Published online Mar 27, 2019. doi: 10.4254/wjh.v11.i3.287
Peer-review started: November 26, 2018
First decision: December 10, 2018
Revised: January 16, 2019
Accepted: January 28, 2019
Article in press: January 28, 2019
Published online: March 27, 2019
Sickle cell disease (SCD) is a disorder that results in increased hospitalizations and higher mortality. Advances in management have resulted in increases in life expectancy and led to increasing awareness of sickle cell hepatopathy (SCH). However, its impact in patients on the natural history and outcomes of SCD is not known. Our study aims to describe the prevalence of extreme hyperbilirubinemia (EH), one form of SCH, its effect on morbidity and mortality, and correlations between sickle cell genotype and SCH type. We hypothesize that EH is associated with higher morbidity and mortality.
To investigate the effects of EH on morbidity and mortality among patients with SCD.
This retrospective cohort study was performed using a database of patients with SCD treated at Grady Memorial Hospital between May 2004 and January 2017. Patients with EH (defined as total bilirubin above 13.0 mg/dL) were identified. A control group was identified from the same database with patients with total serum bilirubin ≤ 5.0 mg/dL. Electronic medical records were used to extract demographic information, laboratory values, radiology results, current medications, need for transfusions and mortality data. Two samples T-test, chi-squared test and Fisher’s exact test were then used to compare the parameters between the two groups.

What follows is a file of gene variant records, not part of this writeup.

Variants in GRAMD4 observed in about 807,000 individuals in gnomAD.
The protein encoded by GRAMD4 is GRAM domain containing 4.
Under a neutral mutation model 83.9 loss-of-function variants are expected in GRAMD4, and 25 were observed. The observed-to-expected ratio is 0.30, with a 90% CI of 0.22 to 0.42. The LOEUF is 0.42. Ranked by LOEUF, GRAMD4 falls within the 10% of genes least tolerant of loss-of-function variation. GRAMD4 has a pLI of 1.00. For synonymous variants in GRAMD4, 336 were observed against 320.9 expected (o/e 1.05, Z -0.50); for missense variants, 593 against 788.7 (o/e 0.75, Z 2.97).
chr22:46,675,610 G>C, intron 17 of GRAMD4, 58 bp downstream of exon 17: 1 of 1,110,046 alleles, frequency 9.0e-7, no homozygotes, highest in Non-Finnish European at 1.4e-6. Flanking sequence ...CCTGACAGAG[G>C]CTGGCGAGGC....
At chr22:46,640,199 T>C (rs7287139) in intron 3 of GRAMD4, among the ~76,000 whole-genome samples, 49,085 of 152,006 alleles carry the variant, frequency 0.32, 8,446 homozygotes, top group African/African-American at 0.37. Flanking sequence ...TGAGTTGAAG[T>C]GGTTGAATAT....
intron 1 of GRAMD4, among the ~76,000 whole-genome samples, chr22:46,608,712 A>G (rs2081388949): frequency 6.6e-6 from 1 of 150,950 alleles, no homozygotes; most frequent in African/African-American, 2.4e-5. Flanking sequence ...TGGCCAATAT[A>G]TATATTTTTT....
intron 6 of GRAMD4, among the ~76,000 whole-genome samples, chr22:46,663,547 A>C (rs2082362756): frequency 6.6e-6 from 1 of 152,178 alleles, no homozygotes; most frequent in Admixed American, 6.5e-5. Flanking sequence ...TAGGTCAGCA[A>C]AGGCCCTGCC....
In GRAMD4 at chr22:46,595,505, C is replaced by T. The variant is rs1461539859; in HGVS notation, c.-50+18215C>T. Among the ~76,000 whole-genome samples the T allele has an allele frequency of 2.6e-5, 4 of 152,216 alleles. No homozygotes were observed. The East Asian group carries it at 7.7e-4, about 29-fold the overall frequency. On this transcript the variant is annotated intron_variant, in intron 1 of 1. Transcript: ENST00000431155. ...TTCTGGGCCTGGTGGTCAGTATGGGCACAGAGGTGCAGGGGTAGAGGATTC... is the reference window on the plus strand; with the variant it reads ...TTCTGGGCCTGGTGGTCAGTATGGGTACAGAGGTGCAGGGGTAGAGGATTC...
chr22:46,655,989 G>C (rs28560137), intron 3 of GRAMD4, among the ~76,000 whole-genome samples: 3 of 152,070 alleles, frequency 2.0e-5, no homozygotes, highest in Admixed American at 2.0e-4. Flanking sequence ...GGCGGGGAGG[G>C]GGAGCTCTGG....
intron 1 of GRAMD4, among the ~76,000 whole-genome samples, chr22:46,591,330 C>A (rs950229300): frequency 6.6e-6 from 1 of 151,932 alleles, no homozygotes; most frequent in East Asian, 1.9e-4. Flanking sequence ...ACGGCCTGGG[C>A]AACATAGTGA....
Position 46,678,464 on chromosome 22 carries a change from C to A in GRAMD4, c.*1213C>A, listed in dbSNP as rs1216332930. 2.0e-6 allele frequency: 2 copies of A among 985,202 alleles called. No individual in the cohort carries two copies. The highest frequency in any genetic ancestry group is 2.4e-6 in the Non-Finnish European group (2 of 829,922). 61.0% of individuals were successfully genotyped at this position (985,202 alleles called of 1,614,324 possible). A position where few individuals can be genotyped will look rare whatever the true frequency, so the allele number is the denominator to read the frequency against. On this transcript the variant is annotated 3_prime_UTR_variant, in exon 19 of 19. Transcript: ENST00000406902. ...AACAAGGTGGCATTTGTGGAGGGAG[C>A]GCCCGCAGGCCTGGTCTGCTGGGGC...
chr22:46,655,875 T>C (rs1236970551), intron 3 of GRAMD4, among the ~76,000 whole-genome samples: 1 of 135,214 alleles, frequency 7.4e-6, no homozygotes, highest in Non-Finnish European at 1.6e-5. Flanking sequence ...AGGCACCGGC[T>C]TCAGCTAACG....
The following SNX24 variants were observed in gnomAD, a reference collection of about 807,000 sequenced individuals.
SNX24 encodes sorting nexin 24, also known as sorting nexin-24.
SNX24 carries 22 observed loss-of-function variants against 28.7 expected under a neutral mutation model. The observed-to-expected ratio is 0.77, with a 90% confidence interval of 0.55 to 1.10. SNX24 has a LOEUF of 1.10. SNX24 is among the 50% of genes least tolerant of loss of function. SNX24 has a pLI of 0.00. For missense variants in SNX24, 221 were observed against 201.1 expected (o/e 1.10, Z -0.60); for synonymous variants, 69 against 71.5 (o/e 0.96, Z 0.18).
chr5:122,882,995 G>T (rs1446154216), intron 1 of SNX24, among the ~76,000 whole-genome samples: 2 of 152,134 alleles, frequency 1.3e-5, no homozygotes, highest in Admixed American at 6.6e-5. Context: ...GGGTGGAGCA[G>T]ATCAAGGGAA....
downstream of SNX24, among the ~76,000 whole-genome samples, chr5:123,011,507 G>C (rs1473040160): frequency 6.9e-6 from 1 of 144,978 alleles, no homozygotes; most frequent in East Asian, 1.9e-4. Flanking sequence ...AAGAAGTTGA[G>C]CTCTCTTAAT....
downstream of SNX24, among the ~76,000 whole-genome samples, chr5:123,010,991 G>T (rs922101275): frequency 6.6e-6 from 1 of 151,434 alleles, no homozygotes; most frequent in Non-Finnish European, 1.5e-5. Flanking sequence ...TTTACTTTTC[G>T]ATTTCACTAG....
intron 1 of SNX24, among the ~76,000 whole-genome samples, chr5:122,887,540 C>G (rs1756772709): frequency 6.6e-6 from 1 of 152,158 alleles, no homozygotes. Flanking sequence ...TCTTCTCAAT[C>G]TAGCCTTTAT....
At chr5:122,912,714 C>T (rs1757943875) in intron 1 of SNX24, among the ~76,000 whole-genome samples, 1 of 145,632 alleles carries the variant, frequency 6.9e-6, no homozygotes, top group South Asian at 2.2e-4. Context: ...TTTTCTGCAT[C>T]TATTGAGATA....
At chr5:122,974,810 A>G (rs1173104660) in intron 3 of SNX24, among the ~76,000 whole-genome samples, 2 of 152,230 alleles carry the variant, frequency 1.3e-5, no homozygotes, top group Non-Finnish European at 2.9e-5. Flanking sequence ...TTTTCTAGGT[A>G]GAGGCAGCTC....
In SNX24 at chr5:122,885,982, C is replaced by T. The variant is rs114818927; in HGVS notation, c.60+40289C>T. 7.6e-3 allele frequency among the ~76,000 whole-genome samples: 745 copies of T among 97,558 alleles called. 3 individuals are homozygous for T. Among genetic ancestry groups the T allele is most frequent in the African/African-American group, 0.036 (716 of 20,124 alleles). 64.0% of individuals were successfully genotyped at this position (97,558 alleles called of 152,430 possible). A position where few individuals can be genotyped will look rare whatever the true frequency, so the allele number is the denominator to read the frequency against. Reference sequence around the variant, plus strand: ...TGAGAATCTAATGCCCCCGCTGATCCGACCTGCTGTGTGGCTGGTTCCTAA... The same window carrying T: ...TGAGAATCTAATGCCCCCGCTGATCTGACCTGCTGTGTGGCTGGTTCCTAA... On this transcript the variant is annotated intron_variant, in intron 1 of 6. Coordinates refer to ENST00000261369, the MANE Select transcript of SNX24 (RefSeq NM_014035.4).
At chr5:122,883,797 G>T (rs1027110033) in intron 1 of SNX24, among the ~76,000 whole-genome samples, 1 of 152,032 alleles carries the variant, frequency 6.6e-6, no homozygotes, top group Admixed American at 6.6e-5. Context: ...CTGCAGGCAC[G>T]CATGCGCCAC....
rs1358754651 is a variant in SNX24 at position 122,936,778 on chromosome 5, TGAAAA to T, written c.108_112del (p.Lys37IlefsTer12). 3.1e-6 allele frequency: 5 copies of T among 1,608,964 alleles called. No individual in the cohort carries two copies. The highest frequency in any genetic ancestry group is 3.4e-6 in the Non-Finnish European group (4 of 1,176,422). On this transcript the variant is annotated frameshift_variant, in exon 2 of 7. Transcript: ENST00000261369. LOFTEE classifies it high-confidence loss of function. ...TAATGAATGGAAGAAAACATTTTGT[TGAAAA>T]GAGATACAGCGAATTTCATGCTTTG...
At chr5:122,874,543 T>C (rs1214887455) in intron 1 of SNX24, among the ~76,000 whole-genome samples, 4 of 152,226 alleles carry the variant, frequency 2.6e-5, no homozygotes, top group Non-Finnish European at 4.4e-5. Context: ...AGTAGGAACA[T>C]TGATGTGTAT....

Out of the database, fifty-seven charts were found of patients with bilirubin > 13 mg/dL. Prevalence of severe SCH as defined by EH was 4.8% (57/1172). There were no demographic differences between patients with and without EH. Significant genotypic differences existed between the two groups, with hemoglobin SS SCD being much higher in the EH group (P < 0.001). Patients with severe EH had a significant elevations in alanine aminotransferase (157.0 ± 266.2 IU/L vs 19.8 ± 21.3 IU/L, P < 0.001), aspartate aminotransferase (256.5 ± 485.9 U/L vs 28.2 ± 14.7 U/L, P < 0.001) and alkaline phosphatase (218.0 ± 176.2 IU/L vs 85.9 ± 68.4 IU/L, P < 0.001). Patients with EH had significantly higher degree of end organ failure measured with quick Sequential Organ Failure Assessment scores (0.42 ± 0.68 vs 0.01 ± 0.12, P < 0.001), increased need for blood products (63% vs 5%, P < 0.001), and exchange transfusions (10.5% vs 1.3%, P = 0.022).
Among patients with SCD, elevated levels of total bilirubin are rare, but indicative of elevated morbidity, mortality, and need for blood transfusions. Large differences in sickle cell genotype also exist, but the significance of this is unknown.
Core tip: Sickle cell hepatopathy is a rarely studied complication of sickle cell disease. Little is known about prognostic factors related to it. In our study, we identified patients with one indicator of sickle cell hepatopathy, extreme hyperbilirubinemia, and analyzed outcomes related to their clinical state. High levels of bilirubin are indicative of elevated morbidity and need for blood transfusion among patients with sickle cell disease.